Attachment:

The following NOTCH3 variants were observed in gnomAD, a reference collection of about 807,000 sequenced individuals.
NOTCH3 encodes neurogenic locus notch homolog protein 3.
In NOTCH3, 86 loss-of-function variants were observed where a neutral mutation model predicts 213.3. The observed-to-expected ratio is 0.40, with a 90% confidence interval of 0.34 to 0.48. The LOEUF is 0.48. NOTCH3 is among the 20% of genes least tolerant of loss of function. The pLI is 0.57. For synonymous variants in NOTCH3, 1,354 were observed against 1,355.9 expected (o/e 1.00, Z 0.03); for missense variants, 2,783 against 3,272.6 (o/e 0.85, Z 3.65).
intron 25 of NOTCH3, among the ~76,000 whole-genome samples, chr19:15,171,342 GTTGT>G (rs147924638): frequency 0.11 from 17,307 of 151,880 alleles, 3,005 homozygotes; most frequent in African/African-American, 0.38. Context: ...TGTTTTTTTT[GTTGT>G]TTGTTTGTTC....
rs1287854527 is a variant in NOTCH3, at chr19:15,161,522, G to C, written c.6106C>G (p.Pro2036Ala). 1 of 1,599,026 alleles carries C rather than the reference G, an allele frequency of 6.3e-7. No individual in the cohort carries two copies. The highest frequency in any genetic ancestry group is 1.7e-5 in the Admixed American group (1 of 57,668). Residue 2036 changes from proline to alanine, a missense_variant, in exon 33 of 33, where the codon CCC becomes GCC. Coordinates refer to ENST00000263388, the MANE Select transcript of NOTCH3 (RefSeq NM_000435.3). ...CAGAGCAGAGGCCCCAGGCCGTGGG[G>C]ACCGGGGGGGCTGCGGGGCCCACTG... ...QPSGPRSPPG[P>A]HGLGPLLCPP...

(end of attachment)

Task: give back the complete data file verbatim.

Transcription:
The following NOTCH3 variants were observed in gnomAD, a reference collection of about 807,000 sequenced individuals.
NOTCH3 encodes neurogenic locus notch homolog protein 3.
In NOTCH3, 86 loss-of-function variants were observed where a neutral mutation model predicts 213.3. The observed-to-expected ratio is 0.40, with a 90% confidence interval of 0.34 to 0.48. The LOEUF is 0.48. NOTCH3 is among the 20% of genes least tolerant of loss of function. The pLI is 0.57. For synonymous variants in NOTCH3, 1,354 were observed against 1,355.9 expected (o/e 1.00, Z 0.03); for missense variants, 2,783 against 3,272.6 (o/e 0.85, Z 3.65).
intron 25 of NOTCH3, among the ~76,000 whole-genome samples, chr19:15,171,342 GTTGT>G (rs147924638): frequency 0.11 from 17,307 of 151,880 alleles, 3,005 homozygotes; most frequent in African/African-American, 0.38. Context: ...TGTTTTTTTT[GTTGT>G]TTGTTTGTTC....
rs1287854527 is a variant in NOTCH3, at chr19:15,161,522, G to C, written c.6106C>G (p.Pro2036Ala). 1 of 1,599,026 alleles carries C rather than the reference G, an allele frequency of 6.3e-7. No individual in the cohort carries two copies. The highest frequency in any genetic ancestry group is 1.7e-5 in the Admixed American group (1 of 57,668). Residue 2036 changes from proline to alanine, a missense_variant, in exon 33 of 33, where the codon CCC becomes GCC. Coordinates refer to ENST00000263388, the MANE Select transcript of NOTCH3 (RefSeq NM_000435.3). ...CAGAGCAGAGGCCCCAGGCCGTGGG[G>C]ACCGGGGGGGCTGCGGGGCCCACTG... ...QPSGPRSPPG[P>A]HGLGPLLCPP...